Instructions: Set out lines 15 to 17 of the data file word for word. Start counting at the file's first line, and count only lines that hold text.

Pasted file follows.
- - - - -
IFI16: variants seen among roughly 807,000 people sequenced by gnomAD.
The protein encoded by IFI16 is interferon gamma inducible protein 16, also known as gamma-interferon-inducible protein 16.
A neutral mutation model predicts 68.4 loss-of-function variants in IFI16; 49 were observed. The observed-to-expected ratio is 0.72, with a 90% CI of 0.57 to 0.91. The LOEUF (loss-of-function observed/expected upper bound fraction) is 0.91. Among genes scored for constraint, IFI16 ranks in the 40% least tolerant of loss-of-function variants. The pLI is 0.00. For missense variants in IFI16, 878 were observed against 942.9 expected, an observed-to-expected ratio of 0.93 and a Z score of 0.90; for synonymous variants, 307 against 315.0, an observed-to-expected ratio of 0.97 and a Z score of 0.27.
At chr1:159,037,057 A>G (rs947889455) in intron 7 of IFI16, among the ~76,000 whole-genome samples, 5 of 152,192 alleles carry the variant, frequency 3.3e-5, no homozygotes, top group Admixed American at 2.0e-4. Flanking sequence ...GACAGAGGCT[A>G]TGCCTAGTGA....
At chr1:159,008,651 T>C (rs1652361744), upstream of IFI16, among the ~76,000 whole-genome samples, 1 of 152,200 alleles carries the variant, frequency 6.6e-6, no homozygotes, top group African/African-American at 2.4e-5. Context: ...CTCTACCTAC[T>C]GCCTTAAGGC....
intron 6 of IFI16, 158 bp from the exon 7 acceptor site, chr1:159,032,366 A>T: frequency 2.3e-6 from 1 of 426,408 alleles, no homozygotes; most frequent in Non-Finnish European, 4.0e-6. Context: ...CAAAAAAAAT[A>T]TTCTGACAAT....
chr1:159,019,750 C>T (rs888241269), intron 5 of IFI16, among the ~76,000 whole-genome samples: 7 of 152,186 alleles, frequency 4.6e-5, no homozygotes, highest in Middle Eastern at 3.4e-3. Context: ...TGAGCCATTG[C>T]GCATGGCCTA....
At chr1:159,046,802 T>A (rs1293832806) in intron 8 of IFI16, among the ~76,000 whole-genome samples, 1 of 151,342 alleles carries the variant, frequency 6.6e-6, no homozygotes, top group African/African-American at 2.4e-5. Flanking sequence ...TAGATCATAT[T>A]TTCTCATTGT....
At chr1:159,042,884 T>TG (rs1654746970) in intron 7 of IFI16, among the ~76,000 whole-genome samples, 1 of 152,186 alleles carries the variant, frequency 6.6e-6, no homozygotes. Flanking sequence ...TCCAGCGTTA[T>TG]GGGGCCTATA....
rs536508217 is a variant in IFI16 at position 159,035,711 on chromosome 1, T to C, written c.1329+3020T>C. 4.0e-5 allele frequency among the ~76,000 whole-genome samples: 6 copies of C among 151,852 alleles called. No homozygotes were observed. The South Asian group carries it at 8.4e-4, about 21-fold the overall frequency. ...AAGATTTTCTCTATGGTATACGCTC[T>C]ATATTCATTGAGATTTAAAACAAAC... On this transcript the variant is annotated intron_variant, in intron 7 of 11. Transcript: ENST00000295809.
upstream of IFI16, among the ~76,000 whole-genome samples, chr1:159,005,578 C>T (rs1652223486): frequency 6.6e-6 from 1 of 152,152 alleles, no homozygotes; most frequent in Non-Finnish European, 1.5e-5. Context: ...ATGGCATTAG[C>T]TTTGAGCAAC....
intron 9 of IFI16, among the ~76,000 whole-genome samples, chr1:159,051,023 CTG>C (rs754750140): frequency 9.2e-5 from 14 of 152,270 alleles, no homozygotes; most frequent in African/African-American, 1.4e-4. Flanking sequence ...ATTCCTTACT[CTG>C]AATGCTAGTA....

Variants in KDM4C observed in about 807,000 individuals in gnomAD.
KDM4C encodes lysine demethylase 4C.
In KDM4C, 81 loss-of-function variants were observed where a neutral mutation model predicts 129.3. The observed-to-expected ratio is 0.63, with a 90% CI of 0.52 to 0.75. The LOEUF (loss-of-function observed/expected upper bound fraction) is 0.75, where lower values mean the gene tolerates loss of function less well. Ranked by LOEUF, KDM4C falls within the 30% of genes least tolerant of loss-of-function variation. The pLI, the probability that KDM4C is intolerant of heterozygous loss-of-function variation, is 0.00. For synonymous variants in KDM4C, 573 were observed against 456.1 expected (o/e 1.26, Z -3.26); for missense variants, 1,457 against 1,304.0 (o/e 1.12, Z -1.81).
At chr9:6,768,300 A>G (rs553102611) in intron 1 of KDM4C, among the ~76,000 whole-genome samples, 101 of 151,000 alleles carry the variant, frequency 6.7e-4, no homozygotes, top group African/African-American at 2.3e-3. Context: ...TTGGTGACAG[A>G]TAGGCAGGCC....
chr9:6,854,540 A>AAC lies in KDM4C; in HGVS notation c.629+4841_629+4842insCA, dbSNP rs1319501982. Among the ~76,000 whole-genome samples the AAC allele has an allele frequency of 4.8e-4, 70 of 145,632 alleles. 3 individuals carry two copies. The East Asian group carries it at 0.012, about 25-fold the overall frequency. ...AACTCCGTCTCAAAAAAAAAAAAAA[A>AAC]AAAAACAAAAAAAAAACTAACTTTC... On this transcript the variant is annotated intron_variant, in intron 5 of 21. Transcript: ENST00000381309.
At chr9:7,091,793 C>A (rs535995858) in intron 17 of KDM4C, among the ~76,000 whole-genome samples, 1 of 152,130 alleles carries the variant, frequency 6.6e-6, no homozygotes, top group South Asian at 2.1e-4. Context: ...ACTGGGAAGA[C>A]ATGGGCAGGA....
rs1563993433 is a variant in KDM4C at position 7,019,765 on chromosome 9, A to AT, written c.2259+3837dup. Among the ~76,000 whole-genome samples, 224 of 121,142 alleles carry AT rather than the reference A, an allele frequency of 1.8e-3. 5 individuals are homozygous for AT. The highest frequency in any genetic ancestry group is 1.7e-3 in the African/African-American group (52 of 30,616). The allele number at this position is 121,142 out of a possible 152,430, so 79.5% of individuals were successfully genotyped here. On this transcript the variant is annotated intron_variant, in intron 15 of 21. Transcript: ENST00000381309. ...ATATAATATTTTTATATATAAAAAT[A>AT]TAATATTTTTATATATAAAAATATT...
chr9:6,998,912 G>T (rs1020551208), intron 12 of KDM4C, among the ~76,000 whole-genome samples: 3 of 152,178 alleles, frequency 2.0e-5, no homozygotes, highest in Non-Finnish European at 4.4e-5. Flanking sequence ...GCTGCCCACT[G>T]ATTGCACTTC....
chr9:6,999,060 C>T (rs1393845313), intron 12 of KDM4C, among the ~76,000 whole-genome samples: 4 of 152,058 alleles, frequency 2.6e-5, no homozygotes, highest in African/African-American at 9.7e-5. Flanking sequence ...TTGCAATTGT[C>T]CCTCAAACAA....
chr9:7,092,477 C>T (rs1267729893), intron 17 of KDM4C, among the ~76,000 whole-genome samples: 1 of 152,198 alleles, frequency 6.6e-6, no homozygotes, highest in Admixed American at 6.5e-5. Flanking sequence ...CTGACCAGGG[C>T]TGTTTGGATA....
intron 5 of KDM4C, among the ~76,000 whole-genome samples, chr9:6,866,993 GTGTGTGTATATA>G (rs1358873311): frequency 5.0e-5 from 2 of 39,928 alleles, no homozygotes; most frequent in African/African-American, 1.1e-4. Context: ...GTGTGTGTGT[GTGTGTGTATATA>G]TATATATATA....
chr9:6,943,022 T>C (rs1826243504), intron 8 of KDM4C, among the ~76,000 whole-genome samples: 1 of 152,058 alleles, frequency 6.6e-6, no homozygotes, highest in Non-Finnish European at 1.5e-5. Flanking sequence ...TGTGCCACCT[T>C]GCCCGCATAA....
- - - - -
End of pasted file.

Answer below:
In KDM4C, 81 loss-of-function variants were observed where a neutral mutation model predicts 129.3. The observed-to-expected ratio is 0.63, with a 90% CI of 0.52 to 0.75. The LOEUF (loss-of-function observed/expected upper bound fraction) is 0.75, where lower values mean the gene tolerates loss of function less well. Ranked by LOEUF, KDM4C falls within the 30% of genes least tolerant of loss-of-function variation. The pLI, the probability that KDM4C is intolerant of heterozygous loss-of-function variation, is 0.00. For synonymous variants in KDM4C, 573 were observed against 456.1 expected (o/e 1.26, Z -3.26); for missense variants, 1,457 against 1,304.0 (o/e 1.12, Z -1.81).
At chr9:6,768,300 A>G (rs553102611) in intron 1 of KDM4C, among the ~76,000 whole-genome samples, 101 of 151,000 alleles carry the variant, frequency 6.7e-4, no homozygotes, top group African/African-American at 2.3e-3. Context: ...TTGGTGACAG[A>G]TAGGCAGGCC....
chr9:6,854,540 A>AAC lies in KDM4C; in HGVS notation c.629+4841_629+4842insCA, dbSNP rs1319501982. Among the ~76,000 whole-genome samples the AAC allele has an allele frequency of 4.8e-4, 70 of 145,632 alleles. 3 individuals carry two copies. The East Asian group carries it at 0.012, about 25-fold the overall frequency. ...AACTCCGTCTCAAAAAAAAAAAAAA[A>AAC]AAAAACAAAAAAAAAACTAACTTTC... On this transcript the variant is annotated intron_variant, in intron 5 of 21. Transcript: ENST00000381309.